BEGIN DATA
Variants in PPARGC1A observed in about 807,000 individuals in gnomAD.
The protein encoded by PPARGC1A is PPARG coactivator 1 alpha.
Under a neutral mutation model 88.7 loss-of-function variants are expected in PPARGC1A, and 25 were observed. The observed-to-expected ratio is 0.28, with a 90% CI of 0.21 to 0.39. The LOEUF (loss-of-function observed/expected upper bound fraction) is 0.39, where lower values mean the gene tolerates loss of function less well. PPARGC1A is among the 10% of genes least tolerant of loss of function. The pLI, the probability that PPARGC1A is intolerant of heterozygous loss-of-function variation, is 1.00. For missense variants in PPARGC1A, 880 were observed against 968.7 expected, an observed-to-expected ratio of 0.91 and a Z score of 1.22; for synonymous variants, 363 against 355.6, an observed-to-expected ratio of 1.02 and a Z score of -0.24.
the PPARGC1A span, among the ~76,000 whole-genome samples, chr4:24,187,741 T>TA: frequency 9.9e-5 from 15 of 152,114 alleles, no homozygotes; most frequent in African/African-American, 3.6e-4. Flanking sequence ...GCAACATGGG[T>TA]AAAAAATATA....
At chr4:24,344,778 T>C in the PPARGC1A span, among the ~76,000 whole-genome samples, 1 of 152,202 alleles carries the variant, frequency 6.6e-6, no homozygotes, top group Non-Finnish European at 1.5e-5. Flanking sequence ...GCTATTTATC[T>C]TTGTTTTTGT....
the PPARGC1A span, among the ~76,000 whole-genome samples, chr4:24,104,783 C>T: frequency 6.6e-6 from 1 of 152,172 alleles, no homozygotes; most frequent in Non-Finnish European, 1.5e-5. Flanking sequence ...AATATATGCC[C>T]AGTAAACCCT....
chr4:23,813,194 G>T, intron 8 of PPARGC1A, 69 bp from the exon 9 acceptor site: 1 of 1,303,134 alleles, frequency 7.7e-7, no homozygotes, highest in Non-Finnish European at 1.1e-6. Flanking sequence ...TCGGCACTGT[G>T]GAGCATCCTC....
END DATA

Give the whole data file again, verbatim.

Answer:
Variants in PPARGC1A observed in about 807,000 individuals in gnomAD.
The protein encoded by PPARGC1A is PPARG coactivator 1 alpha.
Under a neutral mutation model 88.7 loss-of-function variants are expected in PPARGC1A, and 25 were observed. The observed-to-expected ratio is 0.28, with a 90% CI of 0.21 to 0.39. The LOEUF (loss-of-function observed/expected upper bound fraction) is 0.39, where lower values mean the gene tolerates loss of function less well. PPARGC1A is among the 10% of genes least tolerant of loss of function. The pLI, the probability that PPARGC1A is intolerant of heterozygous loss-of-function variation, is 1.00. For missense variants in PPARGC1A, 880 were observed against 968.7 expected, an observed-to-expected ratio of 0.91 and a Z score of 1.22; for synonymous variants, 363 against 355.6, an observed-to-expected ratio of 1.02 and a Z score of -0.24.
the PPARGC1A span, among the ~76,000 whole-genome samples, chr4:24,187,741 T>TA: frequency 9.9e-5 from 15 of 152,114 alleles, no homozygotes; most frequent in African/African-American, 3.6e-4. Flanking sequence ...GCAACATGGG[T>TA]AAAAAATATA....
At chr4:24,344,778 T>C in the PPARGC1A span, among the ~76,000 whole-genome samples, 1 of 152,202 alleles carries the variant, frequency 6.6e-6, no homozygotes, top group Non-Finnish European at 1.5e-5. Flanking sequence ...GCTATTTATC[T>C]TTGTTTTTGT....
the PPARGC1A span, among the ~76,000 whole-genome samples, chr4:24,104,783 C>T: frequency 6.6e-6 from 1 of 152,172 alleles, no homozygotes; most frequent in Non-Finnish European, 1.5e-5. Flanking sequence ...AATATATGCC[C>T]AGTAAACCCT....
chr4:23,813,194 G>T, intron 8 of PPARGC1A, 69 bp from the exon 9 acceptor site: 1 of 1,303,134 alleles, frequency 7.7e-7, no homozygotes, highest in Non-Finnish European at 1.1e-6. Flanking sequence ...TCGGCACTGT[G>T]GAGCATCCTC....